Mad Men, Season 4

Week 10: Dramatic Irony 101
Talking television.
Sept. 27 2010 1:47 PM

Mad Men, Season 4

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Week 10: Dramatic Irony 101

 Joan Harris (Christina Hendricks). Click image to expand.

Julia,

Like a good agency man, I'll take your questions in order.

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Joan is still preggers. She was ready to take care of things until the other woman in the waiting room asked her how old her daughter was. "Fifteen," Joan lies. It was a vintage keep-the-baby exchange under the pastel flowers. This may be Joan's last chance. She left the doctor's office and got on the bus and kept her secret, just like Roger kept his. I agree that Roger is probably the last man you want to have a love child with. His insensitivity throughout crossed the line from rakish to rapscallion. The lowest moment was near the end—the one you mentioned in passing, Julia. Roger: "I feel awful." Joan: "We avoided a tragedy." Roger: "What?" (Clearly thinking of the Lucky Strike account.) Let's hope that Joan has a chance to borrow Trudy's maternity nightgown. That pink bombshell was rather awesome—she plopped on the couch like a water lily.

Don's appraisal of Megan at episode's end was a vision of a man being flooded with relief. Pete took the fall for him in the partner's meeting, the D-o-D investigation hasn't raised any red flags, Don doesn't have to run. His life is intact. He's still Don Draper, creative star, lord of an office garlanded with well-tailored beauties. That said, I found Don's leer to be a touch ungrateful. Betty lied for him. Faye comforted him—he revealed his secret to her! And here he is, contemplating secretaries again.

Regarding Betty's nightgowns, let me refer you to the Knickers blog.

As someone who just reads Playboy for the listicles (and who is not a key-holder), I found the whole Lane-Toni thing a little odd.  Sometimes the show will drop something out of nowhere and it works (lawnmower carnage), and sometimes the plot development lies there like a jellyfish on the beach that you want to poke with a stick, then back away quickly. What's the deal with Lane, anyway? Is he supposed to be some inscrutable Englishman—unexplainable? Or is the show advancing a notion that living in America is like living in a colony?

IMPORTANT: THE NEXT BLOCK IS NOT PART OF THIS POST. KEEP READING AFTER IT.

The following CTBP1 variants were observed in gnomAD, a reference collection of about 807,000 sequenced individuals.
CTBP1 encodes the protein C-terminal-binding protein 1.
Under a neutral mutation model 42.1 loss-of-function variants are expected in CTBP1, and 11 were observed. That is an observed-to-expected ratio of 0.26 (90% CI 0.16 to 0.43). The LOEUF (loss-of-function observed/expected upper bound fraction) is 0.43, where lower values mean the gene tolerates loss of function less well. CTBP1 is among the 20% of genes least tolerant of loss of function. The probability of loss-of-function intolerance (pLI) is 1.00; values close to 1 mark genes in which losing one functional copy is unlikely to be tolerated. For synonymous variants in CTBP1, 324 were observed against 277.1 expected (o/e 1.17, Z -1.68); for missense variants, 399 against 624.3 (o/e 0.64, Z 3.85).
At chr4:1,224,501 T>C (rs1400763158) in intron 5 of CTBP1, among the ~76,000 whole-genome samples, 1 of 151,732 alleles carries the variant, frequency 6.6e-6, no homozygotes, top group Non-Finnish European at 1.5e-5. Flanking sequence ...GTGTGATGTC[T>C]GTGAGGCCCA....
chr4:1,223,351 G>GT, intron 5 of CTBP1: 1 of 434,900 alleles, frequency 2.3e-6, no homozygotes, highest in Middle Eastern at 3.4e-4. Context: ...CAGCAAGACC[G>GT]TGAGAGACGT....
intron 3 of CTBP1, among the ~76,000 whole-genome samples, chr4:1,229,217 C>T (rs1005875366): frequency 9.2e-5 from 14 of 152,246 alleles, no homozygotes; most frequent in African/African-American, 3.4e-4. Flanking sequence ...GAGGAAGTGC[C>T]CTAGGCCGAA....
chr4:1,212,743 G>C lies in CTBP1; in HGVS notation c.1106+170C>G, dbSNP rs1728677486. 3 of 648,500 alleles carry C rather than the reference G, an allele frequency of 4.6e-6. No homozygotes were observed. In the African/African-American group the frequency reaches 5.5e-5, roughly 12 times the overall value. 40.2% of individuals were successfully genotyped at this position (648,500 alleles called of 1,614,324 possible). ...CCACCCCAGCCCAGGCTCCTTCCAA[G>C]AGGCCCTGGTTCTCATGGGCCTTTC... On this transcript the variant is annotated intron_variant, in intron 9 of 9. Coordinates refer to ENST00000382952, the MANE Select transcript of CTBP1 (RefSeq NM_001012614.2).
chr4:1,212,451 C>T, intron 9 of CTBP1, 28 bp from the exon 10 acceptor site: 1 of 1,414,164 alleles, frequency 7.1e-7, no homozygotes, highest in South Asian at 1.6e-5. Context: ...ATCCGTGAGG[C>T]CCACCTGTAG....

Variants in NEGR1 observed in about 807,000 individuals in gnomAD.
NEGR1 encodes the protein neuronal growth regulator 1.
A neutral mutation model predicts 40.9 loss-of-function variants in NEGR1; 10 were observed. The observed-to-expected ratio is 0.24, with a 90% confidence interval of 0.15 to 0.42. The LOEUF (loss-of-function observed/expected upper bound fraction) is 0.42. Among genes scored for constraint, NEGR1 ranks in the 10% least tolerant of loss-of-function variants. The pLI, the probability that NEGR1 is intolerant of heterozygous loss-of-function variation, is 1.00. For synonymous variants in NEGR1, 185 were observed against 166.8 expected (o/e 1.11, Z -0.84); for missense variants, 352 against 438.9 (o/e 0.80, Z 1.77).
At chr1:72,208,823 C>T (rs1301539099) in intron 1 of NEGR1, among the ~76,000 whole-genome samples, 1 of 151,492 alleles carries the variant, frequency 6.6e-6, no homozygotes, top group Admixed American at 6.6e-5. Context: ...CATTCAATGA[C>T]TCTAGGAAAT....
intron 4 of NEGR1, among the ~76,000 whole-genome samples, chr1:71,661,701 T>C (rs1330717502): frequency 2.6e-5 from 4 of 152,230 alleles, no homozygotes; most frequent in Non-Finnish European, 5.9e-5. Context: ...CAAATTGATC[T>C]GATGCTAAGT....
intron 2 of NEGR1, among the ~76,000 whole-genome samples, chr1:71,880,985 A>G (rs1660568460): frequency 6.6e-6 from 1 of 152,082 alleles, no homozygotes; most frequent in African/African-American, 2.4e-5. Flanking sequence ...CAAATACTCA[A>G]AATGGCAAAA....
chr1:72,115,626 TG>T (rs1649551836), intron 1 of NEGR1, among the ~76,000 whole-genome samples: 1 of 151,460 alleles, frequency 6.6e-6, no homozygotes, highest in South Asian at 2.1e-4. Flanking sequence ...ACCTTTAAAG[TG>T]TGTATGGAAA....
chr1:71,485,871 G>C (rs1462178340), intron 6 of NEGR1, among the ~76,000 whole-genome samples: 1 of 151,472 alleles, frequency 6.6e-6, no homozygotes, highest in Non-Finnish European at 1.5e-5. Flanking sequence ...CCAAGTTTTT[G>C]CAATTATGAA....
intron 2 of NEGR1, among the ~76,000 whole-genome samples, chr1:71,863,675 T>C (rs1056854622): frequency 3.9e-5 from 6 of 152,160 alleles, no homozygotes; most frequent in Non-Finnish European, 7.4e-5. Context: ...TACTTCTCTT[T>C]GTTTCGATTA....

I got the sense that the relationship with Toni was just Lane wanting to provoke his family. Perhaps they had gotten wind of the affair in England and that's why the father was sent instead of Lane's son. And would Toni have really been that clueless and sweet? I think a Playboy bunny, someone who teases men for a living, would have had a better read on the complexities of the situation. I'll admit I was surprised when the old guy caned his son. But it wasn't a pleasant surprise that sprung from previous hints in the episode. I felt like I was getting hit on the head.

Finally, Pete's motives. He has a chance to sink Don for good but seems terrified when Don says that the agency can be run without him. Pete has a child coming soon and no doubt wants stability in his work life. He's also a weasel who sees that protecting Don puts Don more into his debt and furthers his goal of pushing out Roger. Little does he know how much they share in re: office babies. 

That was the sword hung over the door in this episode. Pete's self-righteous talk on the couch with Trudy was dramatic irony 101. The Peggy child is going to come to light, somehow, some way.

John, I'll leave it to you to put the rest of the house in order.

No hard feelings,
Agger

Michael Agger is an editor at The New Yorker. Follow him on Twitter.

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